How is Climate Change Detected?
Using data from direct measurements and proxies, scientists continue to learn more about the Earth’s past climate. Studying the long-term climate record has given researchers many clues about the nature of climate change. Earth’s climate changes with some regularity, going through ice ages and other periods of natural flux. However, since the Industrial Revolution in the mid-1700s, Earth’s average temperature has risen at a much higher rate than any other time in the reconstructed climate record. This temperature increase is primarily caused by increased atmospheric carbon dioxide levels, which are now the highest they’ve been in three million years.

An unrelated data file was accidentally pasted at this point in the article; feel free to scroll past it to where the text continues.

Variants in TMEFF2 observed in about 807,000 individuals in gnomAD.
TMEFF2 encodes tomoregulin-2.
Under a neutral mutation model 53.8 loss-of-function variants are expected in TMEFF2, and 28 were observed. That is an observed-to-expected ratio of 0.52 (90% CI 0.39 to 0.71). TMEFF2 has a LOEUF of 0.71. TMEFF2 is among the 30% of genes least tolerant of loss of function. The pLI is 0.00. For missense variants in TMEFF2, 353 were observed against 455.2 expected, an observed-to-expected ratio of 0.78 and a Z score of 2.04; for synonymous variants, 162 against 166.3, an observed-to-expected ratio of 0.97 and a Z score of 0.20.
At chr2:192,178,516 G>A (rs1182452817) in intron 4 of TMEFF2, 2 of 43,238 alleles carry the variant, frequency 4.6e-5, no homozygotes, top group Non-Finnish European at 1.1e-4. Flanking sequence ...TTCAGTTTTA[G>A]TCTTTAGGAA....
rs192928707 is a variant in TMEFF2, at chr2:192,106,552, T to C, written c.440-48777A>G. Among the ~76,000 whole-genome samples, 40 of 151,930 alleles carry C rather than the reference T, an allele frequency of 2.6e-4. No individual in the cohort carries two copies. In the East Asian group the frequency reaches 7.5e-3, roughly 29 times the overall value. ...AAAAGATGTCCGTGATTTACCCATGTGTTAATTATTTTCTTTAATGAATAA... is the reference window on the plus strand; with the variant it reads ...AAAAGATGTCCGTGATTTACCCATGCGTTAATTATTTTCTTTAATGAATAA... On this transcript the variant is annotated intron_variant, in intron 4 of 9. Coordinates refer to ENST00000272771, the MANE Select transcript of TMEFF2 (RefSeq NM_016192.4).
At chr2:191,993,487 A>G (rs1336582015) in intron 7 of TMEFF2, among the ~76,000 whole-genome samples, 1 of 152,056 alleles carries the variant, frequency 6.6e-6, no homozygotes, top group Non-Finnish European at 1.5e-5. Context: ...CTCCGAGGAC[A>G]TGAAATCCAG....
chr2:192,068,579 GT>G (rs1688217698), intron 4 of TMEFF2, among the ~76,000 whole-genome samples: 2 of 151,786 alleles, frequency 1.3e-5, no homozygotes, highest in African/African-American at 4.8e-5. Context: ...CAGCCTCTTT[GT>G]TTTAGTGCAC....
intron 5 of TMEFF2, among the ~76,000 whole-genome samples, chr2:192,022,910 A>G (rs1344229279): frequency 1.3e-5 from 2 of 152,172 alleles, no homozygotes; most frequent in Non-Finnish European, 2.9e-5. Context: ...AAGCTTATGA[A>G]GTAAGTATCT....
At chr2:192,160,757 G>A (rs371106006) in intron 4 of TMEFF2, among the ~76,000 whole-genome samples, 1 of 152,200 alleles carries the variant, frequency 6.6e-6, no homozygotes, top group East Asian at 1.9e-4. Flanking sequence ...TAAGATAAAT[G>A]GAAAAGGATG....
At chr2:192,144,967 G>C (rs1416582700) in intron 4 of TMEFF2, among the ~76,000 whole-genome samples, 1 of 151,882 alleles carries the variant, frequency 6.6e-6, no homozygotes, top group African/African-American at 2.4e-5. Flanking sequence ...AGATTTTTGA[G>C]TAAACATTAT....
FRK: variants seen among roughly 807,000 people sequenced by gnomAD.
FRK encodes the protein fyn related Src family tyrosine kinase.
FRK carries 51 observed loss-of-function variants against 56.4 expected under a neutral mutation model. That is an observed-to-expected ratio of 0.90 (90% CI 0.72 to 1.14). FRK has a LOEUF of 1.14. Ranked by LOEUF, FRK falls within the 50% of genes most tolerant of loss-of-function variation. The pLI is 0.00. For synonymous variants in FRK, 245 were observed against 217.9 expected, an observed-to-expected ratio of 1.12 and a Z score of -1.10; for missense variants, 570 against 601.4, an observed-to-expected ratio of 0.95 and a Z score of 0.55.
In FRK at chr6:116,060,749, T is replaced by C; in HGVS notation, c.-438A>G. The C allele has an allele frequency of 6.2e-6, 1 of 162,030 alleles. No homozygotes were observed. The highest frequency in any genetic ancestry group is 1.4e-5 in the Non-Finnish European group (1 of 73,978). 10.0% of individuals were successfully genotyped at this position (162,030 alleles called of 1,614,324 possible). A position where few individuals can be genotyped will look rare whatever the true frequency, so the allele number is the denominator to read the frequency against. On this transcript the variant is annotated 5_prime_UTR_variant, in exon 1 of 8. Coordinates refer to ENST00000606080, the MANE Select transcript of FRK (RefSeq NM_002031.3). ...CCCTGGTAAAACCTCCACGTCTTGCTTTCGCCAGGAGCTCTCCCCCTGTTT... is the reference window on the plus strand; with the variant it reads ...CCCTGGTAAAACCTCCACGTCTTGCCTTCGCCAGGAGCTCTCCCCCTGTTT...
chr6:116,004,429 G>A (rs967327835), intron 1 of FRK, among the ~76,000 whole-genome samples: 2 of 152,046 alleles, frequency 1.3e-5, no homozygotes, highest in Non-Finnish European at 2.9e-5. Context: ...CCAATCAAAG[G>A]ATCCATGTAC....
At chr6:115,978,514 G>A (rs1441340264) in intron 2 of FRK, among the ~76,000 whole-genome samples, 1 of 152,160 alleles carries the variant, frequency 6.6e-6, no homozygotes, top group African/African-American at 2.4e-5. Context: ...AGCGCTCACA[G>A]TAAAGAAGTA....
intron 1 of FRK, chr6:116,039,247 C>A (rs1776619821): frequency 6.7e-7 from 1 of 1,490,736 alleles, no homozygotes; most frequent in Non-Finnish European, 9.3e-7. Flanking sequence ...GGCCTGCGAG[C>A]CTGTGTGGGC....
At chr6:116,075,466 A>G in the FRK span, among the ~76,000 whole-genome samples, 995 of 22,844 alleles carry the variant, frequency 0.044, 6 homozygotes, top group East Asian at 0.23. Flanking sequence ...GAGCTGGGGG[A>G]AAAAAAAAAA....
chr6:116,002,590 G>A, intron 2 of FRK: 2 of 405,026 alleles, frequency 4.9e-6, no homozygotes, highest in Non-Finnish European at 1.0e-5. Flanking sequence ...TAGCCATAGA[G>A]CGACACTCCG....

With this temperature increase, changes have been observed around the world and more are expected. Throughout the 20th Century, there has been a worldwide decrease in the size of glaciers, a decrease in snow cover for many regions in the Northern Hemisphere, a decrease in Arctic Sea ice thickness and extent, shorter ice seasons for lakes and rivers, rising permafrost temperatures, warmer ocean and surface temperatures, increases in extreme events (heat waves, storms, precipitation), and rising sea levels, among other effects.